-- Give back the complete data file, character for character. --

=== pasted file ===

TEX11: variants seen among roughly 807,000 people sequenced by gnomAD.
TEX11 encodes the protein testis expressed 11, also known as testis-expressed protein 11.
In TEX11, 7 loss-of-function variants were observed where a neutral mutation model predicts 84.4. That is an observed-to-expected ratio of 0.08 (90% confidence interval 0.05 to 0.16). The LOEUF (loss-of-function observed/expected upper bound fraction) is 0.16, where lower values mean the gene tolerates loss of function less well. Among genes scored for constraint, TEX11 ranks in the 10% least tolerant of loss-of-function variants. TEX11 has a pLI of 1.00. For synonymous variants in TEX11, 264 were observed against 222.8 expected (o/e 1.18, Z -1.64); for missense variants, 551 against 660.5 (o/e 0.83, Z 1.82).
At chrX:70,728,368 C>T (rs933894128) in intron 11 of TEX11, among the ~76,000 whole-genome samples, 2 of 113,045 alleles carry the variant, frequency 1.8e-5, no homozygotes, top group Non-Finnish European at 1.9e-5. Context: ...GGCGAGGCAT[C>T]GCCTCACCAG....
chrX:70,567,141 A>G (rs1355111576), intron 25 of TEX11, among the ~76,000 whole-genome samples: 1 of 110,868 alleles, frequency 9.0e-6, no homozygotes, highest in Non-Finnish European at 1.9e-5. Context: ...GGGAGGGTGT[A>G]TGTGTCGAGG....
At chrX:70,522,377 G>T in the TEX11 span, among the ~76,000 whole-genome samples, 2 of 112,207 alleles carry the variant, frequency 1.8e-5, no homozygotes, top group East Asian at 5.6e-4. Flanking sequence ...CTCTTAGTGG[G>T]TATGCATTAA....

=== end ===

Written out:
TEX11: variants seen among roughly 807,000 people sequenced by gnomAD.
TEX11 encodes the protein testis expressed 11, also known as testis-expressed protein 11.
In TEX11, 7 loss-of-function variants were observed where a neutral mutation model predicts 84.4. That is an observed-to-expected ratio of 0.08 (90% confidence interval 0.05 to 0.16). The LOEUF (loss-of-function observed/expected upper bound fraction) is 0.16, where lower values mean the gene tolerates loss of function less well. Among genes scored for constraint, TEX11 ranks in the 10% least tolerant of loss-of-function variants. TEX11 has a pLI of 1.00. For synonymous variants in TEX11, 264 were observed against 222.8 expected (o/e 1.18, Z -1.64); for missense variants, 551 against 660.5 (o/e 0.83, Z 1.82).
At chrX:70,728,368 C>T (rs933894128) in intron 11 of TEX11, among the ~76,000 whole-genome samples, 2 of 113,045 alleles carry the variant, frequency 1.8e-5, no homozygotes, top group Non-Finnish European at 1.9e-5. Context: ...GGCGAGGCAT[C>T]GCCTCACCAG....
chrX:70,567,141 A>G (rs1355111576), intron 25 of TEX11, among the ~76,000 whole-genome samples: 1 of 110,868 alleles, frequency 9.0e-6, no homozygotes, highest in Non-Finnish European at 1.9e-5. Context: ...GGGAGGGTGT[A>G]TGTGTCGAGG....
At chrX:70,522,377 G>T in the TEX11 span, among the ~76,000 whole-genome samples, 2 of 112,207 alleles carry the variant, frequency 1.8e-5, no homozygotes, top group East Asian at 5.6e-4. Flanking sequence ...CTCTTAGTGG[G>T]TATGCATTAA....